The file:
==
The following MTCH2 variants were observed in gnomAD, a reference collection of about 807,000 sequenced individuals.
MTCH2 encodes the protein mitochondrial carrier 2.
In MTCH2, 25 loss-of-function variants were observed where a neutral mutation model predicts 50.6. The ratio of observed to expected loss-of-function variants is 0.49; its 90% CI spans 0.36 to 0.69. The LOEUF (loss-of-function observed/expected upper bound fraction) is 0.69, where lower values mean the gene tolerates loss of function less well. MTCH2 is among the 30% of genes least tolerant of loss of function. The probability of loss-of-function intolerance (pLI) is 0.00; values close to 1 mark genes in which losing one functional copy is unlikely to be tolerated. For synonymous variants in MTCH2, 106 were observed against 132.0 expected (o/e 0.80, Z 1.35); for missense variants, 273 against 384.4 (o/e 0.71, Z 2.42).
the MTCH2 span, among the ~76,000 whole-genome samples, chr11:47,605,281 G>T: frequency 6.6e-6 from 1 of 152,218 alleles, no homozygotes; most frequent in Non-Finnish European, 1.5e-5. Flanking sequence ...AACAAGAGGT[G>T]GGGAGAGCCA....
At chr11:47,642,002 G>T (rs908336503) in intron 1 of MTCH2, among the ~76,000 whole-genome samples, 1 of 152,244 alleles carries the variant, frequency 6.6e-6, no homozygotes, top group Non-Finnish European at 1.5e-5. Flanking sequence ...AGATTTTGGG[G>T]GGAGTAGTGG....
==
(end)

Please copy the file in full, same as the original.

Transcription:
The following MTCH2 variants were observed in gnomAD, a reference collection of about 807,000 sequenced individuals.
MTCH2 encodes the protein mitochondrial carrier 2.
In MTCH2, 25 loss-of-function variants were observed where a neutral mutation model predicts 50.6. The ratio of observed to expected loss-of-function variants is 0.49; its 90% CI spans 0.36 to 0.69. The LOEUF (loss-of-function observed/expected upper bound fraction) is 0.69, where lower values mean the gene tolerates loss of function less well. MTCH2 is among the 30% of genes least tolerant of loss of function. The probability of loss-of-function intolerance (pLI) is 0.00; values close to 1 mark genes in which losing one functional copy is unlikely to be tolerated. For synonymous variants in MTCH2, 106 were observed against 132.0 expected (o/e 0.80, Z 1.35); for missense variants, 273 against 384.4 (o/e 0.71, Z 2.42).
the MTCH2 span, among the ~76,000 whole-genome samples, chr11:47,605,281 G>T: frequency 6.6e-6 from 1 of 152,218 alleles, no homozygotes; most frequent in Non-Finnish European, 1.5e-5. Flanking sequence ...AACAAGAGGT[G>T]GGGAGAGCCA....
At chr11:47,642,002 G>T (rs908336503) in intron 1 of MTCH2, among the ~76,000 whole-genome samples, 1 of 152,244 alleles carries the variant, frequency 6.6e-6, no homozygotes, top group Non-Finnish European at 1.5e-5. Flanking sequence ...AGATTTTGGG[G>T]GGAGTAGTGG....